Wednesday, May 9, 2018

The Very Entertaining "UnMasking" of Andrew Lloyd Webber.  Also — Olivia de Havilland Carries On!  And Gloria Swanson ... Microdosing ... and a warning from Maureen Dowd

Steve Barton, Harold Prince, Michael Crawford, Andrew Lloyd Webber, and Sarah Brightman on opening night of “Phantom of the Opera," January 26, 1988.
by Denis Ferrara

“THIS TOME is not my fault!”

That is Andrew Lloyd Webber’s exclamation in the first paragraph of the introduction of his big (500 pages) memoir “Unmasked.”  He says he wrote it mostly to stop people from telling him he “had” to do it.  And he admits, “Autobiographies are self-serving and mine is no exception.”

Click to order Andrew Lloyd Webber's "Unmasked."
Well, as far as “Unmasked” is concerned, let’s raise a glass to self-serving.  This is — especially the early chapters, in which he tells of himself as a supernaturally confident child, adolescent and young man — a really charming book. 

With the exception of “Evita” and “Phantom of the Opera” I’ve never been much of a Lloyd Webber enthusiast, but the way he tells his story — his creativity, the increasingly rocky relationship with collaborator Tim Rice, stars, producers, flops, hits — is infectious. He is upfront about his infamous tantrums — usually over sound quality — and admirably honest in his desire to make the best financial deals, right from the start.  We should all have his prescience and determination in that area!

His inside stories on performers such as Patti LuPone, Betty Buckley, Elaine Paige, Michael Crawford, etc. are a nice mixture of affection, respect and the occasional naughty nibble. I actually laughed out loud over the story about Barbra Streisand attending a performance of “Cats” — she was interested in recording the show’s big hit, “Memory.”  First she asked for milk, which was very difficult to get, then she suddenly announced she was claustrophobic and could not see the show after all.  She left.  Webber writes: “I attempted a rescue operation by sending her a letter apologizing for having an audience in the theater that night.”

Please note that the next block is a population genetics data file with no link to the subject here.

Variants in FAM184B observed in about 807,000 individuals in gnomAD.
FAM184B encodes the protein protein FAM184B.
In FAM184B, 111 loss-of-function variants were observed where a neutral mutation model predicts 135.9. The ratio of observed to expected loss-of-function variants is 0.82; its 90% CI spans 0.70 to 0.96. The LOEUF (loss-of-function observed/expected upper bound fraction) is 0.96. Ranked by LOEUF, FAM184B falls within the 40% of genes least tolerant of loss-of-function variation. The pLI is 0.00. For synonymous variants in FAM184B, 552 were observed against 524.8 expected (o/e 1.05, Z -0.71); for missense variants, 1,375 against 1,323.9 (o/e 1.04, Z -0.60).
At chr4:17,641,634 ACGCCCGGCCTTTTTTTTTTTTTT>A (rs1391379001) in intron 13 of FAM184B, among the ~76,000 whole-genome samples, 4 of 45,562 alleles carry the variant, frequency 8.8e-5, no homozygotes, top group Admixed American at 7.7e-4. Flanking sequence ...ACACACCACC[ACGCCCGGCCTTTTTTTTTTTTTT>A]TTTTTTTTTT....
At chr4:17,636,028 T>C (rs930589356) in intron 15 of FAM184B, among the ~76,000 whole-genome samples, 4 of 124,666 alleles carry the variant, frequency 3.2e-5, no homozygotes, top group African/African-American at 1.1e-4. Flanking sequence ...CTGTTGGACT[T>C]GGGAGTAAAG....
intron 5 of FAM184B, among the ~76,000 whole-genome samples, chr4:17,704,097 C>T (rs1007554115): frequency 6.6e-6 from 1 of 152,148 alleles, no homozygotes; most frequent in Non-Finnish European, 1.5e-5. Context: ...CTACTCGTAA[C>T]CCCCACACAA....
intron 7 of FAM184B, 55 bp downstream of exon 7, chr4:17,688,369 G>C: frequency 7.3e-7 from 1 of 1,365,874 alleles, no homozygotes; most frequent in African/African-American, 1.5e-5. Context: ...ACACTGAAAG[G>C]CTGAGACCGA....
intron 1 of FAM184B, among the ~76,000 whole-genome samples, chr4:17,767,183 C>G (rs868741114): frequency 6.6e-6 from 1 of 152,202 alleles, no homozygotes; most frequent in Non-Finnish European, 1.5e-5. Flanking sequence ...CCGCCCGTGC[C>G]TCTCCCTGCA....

In time, Barbra did record her famously silky smooth rendition of “Memory” although Webber, like so many who have worked with Barbra mused that some of her earlier, less “perfect” takes were more emotionally powerful. 
Andrew Lloyd Webber in conversation with Glenn Close at The Town Hall in March.
As much as I don’t know, and honestly don’t care about how a song is created or how a huge complicated show is put together, Andrew Lloyd Webber’s book made me care as much as I am able, which turned out to be quite a bit, as I finished up his tale.

Andrew Lloyd Webber’s book ends with the triumphant Broadway opening of “Phantom of the Opera” (still running, 30 years later!).  He says he might hunker down and deliver a second volume — he cheerfully admits to being far too wordy! — but he’s more or less pleased to close on a high note and not go into the nitty gritty let’s say of his divorce from Sarah Brightman (of whom he writes carefully in “Unmasked”) or all the delicious drama surrounding “Sunset Boulevard.”  Or what he really thinks of Madonna and the film version of “Evita.” 
Andrew Lloyd Webber and Sarah Brightman bright-eyed and bushy-tailed.
If this is it, Lloyd Webber has delivered a masterful show biz memoir, full of wit and considerable wisdom and for me, a much greater appreciation of the intricate, maddening processes of musical theater — the pages leading up to the absolute final lyrics of “Memory” read like thriller!

I might not appreciate Lloyd Webber’s work as much as Lerner and Loewe, Rodgers and Hammerstein or Cole Porter, but his book has actually made me dig out my old vinyl album of “Jesus Christ Superstar.”  I’m always alert to looking at — and listening to — something in a new way.
“CATHERINE, can you be so cruel?” 

“Yes, I can be very cruel, aunt, I have been taught by masters.”

So it goes between Miriam Hopkins and Olivia de Havilland toward the terrible/wonderful end of the 1949 film, “The Heiress.”